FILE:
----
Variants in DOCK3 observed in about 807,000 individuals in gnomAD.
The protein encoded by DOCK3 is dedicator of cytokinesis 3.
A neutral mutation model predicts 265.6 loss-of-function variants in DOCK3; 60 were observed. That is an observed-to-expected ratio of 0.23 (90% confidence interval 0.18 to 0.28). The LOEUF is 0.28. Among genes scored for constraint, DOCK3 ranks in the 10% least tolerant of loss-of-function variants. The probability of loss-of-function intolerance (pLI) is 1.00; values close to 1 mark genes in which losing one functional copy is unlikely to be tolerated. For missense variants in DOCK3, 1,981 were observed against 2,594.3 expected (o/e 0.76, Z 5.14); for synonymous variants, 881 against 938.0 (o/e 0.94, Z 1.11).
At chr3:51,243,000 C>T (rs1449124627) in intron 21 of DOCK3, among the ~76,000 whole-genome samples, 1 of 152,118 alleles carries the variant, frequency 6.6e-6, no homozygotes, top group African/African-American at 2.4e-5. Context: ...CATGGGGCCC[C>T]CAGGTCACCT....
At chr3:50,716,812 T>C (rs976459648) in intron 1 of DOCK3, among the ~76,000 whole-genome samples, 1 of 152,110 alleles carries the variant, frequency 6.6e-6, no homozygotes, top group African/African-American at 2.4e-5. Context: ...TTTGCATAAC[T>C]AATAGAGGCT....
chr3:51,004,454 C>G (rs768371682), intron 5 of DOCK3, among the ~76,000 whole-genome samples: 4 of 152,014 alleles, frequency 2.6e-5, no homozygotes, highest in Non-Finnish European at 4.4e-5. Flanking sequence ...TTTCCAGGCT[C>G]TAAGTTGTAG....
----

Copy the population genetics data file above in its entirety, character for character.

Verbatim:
Variants in DOCK3 observed in about 807,000 individuals in gnomAD.
The protein encoded by DOCK3 is dedicator of cytokinesis 3.
A neutral mutation model predicts 265.6 loss-of-function variants in DOCK3; 60 were observed. That is an observed-to-expected ratio of 0.23 (90% confidence interval 0.18 to 0.28). The LOEUF is 0.28. Among genes scored for constraint, DOCK3 ranks in the 10% least tolerant of loss-of-function variants. The probability of loss-of-function intolerance (pLI) is 1.00; values close to 1 mark genes in which losing one functional copy is unlikely to be tolerated. For missense variants in DOCK3, 1,981 were observed against 2,594.3 expected (o/e 0.76, Z 5.14); for synonymous variants, 881 against 938.0 (o/e 0.94, Z 1.11).
At chr3:51,243,000 C>T (rs1449124627) in intron 21 of DOCK3, among the ~76,000 whole-genome samples, 1 of 152,118 alleles carries the variant, frequency 6.6e-6, no homozygotes, top group African/African-American at 2.4e-5. Context: ...CATGGGGCCC[C>T]CAGGTCACCT....
At chr3:50,716,812 T>C (rs976459648) in intron 1 of DOCK3, among the ~76,000 whole-genome samples, 1 of 152,110 alleles carries the variant, frequency 6.6e-6, no homozygotes, top group African/African-American at 2.4e-5. Context: ...TTTGCATAAC[T>C]AATAGAGGCT....
chr3:51,004,454 C>G (rs768371682), intron 5 of DOCK3, among the ~76,000 whole-genome samples: 4 of 152,014 alleles, frequency 2.6e-5, no homozygotes, highest in Non-Finnish European at 4.4e-5. Flanking sequence ...TTTCCAGGCT[C>G]TAAGTTGTAG....